As our children get older they begin to feel their independence and they want to show that they can do things on their own. They may begin to feel that they no longer need to tell us, their parents, when or where they are coming or going. Even if they do tell us, they may feel a certain amount of resentment about having to do so.
So how do we overcome this inclination? When my children were growing up, whenever I was getting ready to leave the house, I always made sure to tell each of them individually that I was leaving, where I was going and what time I expected to return. At first I just made this a practice. Later as they got older, I explained to them the reason for doing so.
I did not want them to wonder where I was if they were looking for me. I wanted them to know when to expect me to return, in case they had something to talk about or ask me. I explained to them it was my way of showing my respect for them. Then as they got older, I could ask them to do the same for me. I had set the example.
Was it or is it required that a parent tell their children – even when there is another adult in the house? Of course not. But doing so gives you an excellent argument when your child feels like it is intrusive to their independence. It is demonstrating good manners – showing kindness and respect.
Manners are so important for children to learn as in the words of Clarence Thomas, “Good manners will open doors that the best education cannot.” When we use the good manners of saying please when making requests, or thank you when others have done a good deed toward us, we are showing that the feelings of others matter to us.
In the past year we have talked about courtesy and empathy – both of which are required for us to practice good manners. All of us have heard someone say the words “thank you”, but we did not feel the emotion of gratitude coming from their heart. As we teach our children the etiquette of using polite words, we also want to help them to imagine how others are feeling and appreciate the need to treat others how they would like to be treated.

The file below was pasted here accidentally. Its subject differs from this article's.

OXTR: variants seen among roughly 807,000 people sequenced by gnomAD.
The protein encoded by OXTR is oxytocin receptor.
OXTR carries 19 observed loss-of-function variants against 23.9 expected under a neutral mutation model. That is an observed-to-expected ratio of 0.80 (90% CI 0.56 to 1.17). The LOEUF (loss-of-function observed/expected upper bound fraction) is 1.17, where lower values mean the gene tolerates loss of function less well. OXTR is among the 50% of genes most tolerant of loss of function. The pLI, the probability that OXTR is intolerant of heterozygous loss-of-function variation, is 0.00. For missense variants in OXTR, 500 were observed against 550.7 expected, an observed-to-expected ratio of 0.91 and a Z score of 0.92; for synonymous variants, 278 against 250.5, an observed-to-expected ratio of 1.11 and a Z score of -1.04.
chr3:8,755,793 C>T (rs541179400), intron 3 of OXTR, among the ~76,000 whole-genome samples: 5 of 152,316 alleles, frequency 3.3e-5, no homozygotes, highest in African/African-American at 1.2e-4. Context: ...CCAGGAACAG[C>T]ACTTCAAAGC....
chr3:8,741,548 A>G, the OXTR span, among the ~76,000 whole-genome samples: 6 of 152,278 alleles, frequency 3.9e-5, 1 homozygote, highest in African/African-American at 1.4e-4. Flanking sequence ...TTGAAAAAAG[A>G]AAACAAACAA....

Our goal at Balanced Life Skills is not just to be an outstanding martial arts school, but also to have students who others look at and recognize as having great manners, a positive attitude and compassion for others. If that is your goal too, you are in the right place – as we work together to help our students be those people.
Each month we will discuss a life skill with all of our students. This month the word is Manners. This word will be defined in the following ways for our students.
Young students: Manners: “I do kind things and use polite words!”
Older students: Manners means: Words and actions that show kindness and respect for others.
Each age group has a worksheet that parents can use to continue the discussion at home with their children, and one for adults to allow them to think more deeply about the skill and how it applies to them. Would you like to receive the worksheet? Stop by our studio at 133 Gibralter Avenue in Annapolis, MD and tell us the age of your child. We will give you a worksheet and invite you to watch Mr. Joe discuss the word with the students in class. You can also follow our discussions here on this website.
If you would like to become a member of Balanced Life Skills, come TRY CLASSES FOR FREE. We are not your typical martial arts school, in fact we are an education center, working with our students on physical skills along with character. We are building confidence in each child. Balanced Life Skills takes part in community service and encourages each student to do the same. You are welcomed to come in and talk to the parents that are here and watch the class for the age group you are interested in.